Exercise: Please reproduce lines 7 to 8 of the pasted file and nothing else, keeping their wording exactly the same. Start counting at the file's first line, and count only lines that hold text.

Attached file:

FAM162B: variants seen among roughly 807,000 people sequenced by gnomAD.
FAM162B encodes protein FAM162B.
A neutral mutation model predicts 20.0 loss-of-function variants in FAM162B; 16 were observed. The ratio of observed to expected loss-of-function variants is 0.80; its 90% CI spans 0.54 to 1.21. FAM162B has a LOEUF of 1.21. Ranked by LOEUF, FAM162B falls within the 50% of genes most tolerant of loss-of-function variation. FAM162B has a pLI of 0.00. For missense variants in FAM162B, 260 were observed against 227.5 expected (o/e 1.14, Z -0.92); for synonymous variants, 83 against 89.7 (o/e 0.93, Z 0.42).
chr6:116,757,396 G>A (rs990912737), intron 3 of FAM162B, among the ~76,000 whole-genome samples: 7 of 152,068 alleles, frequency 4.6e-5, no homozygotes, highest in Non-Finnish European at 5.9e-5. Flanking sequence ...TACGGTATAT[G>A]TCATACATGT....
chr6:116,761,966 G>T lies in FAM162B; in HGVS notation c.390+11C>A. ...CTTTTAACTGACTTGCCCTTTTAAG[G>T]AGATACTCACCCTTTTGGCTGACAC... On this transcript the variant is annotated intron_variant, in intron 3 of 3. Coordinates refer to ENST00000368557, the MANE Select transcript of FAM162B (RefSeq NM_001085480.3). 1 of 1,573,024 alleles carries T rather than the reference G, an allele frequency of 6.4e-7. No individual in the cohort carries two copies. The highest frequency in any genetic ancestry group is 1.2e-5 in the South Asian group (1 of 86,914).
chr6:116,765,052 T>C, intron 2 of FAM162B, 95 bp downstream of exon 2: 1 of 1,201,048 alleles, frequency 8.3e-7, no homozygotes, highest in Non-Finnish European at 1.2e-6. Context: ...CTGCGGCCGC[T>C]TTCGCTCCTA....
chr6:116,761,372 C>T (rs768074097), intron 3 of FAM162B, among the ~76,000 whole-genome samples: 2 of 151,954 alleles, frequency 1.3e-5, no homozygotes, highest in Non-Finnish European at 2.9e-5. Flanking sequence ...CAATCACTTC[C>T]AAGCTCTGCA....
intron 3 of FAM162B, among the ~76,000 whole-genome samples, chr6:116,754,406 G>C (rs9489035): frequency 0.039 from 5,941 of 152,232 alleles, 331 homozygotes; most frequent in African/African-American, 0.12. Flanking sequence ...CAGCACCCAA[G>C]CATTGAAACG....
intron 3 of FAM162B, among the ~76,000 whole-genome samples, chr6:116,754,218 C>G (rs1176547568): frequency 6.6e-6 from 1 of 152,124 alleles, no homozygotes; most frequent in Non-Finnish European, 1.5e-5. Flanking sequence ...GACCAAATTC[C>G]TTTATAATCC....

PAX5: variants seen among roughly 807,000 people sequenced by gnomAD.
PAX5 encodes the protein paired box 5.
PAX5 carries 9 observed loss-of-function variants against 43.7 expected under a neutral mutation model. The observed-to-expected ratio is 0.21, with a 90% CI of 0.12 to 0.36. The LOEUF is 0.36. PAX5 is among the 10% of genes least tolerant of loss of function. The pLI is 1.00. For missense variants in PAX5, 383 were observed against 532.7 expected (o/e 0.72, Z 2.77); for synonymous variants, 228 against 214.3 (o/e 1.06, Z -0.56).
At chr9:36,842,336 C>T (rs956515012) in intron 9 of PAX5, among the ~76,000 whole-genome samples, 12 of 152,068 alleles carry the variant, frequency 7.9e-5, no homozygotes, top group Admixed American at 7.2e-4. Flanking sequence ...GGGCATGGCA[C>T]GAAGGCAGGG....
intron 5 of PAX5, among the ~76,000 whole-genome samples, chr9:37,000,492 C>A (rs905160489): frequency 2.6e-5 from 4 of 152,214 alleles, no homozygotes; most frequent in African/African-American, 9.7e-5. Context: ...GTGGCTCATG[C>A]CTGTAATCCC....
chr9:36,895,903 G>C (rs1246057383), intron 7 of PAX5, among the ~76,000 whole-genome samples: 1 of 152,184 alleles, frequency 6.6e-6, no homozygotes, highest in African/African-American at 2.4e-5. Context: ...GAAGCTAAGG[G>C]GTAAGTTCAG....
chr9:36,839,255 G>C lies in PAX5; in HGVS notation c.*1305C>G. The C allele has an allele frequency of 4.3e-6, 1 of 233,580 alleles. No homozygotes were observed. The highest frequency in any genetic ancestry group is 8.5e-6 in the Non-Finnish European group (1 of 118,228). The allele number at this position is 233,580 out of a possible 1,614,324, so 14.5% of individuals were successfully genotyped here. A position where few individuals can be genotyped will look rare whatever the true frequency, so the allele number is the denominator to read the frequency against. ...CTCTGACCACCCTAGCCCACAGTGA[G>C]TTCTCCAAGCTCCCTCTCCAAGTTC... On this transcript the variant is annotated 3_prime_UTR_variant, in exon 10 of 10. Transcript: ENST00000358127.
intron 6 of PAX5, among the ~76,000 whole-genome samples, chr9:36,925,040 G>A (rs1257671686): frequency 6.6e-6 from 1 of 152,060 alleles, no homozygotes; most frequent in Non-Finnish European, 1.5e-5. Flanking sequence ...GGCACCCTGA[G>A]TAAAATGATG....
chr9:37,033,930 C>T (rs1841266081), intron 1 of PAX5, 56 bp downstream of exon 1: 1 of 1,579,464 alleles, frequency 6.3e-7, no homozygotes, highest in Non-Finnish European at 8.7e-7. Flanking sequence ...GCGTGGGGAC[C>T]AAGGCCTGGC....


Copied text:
chr6:116,761,372 C>T (rs768074097), intron 3 of FAM162B, among the ~76,000 whole-genome samples: 2 of 151,954 alleles, frequency 1.3e-5, no homozygotes, highest in Non-Finnish European at 2.9e-5. Flanking sequence ...CAATCACTTC[C>T]AAGCTCTGCA....
intron 3 of FAM162B, among the ~76,000 whole-genome samples, chr6:116,754,406 G>C (rs9489035): frequency 0.039 from 5,941 of 152,232 alleles, 331 homozygotes; most frequent in African/African-American, 0.12. Flanking sequence ...CAGCACCCAA[G>C]CATTGAAACG....